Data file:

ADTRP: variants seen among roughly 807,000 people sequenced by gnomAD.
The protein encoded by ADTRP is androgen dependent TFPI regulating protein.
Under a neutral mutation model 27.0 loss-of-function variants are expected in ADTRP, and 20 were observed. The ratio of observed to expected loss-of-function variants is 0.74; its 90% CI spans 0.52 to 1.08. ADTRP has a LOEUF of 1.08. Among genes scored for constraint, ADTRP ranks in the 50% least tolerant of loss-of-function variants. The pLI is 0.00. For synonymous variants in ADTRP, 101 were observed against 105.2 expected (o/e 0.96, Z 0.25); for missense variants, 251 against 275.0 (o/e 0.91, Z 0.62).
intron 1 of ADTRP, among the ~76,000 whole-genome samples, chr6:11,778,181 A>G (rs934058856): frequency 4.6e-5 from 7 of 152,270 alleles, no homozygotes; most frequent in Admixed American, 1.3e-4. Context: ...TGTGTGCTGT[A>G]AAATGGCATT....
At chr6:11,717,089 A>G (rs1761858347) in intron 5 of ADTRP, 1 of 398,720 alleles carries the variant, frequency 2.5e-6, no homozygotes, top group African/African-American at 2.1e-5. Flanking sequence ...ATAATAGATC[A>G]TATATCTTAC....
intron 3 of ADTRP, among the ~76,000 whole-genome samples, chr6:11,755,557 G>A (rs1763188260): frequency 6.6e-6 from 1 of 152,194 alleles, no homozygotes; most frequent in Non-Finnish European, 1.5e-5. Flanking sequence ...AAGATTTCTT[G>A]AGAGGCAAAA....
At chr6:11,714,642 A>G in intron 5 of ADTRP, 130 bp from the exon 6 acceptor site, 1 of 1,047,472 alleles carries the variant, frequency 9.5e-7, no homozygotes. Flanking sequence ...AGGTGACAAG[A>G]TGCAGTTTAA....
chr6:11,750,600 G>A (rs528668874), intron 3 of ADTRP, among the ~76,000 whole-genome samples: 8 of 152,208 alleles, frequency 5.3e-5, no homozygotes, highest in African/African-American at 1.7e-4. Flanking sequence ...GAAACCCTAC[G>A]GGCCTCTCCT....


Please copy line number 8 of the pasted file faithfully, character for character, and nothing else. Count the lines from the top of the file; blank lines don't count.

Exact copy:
chr6:11,750,600 G>A (rs528668874), intron 3 of ADTRP, among the ~76,000 whole-genome samples: 8 of 152,208 alleles, frequency 5.3e-5, no homozygotes, highest in African/African-American at 1.7e-4. Flanking sequence ...GAAACCCTAC[G>A]GGCCTCTCCT....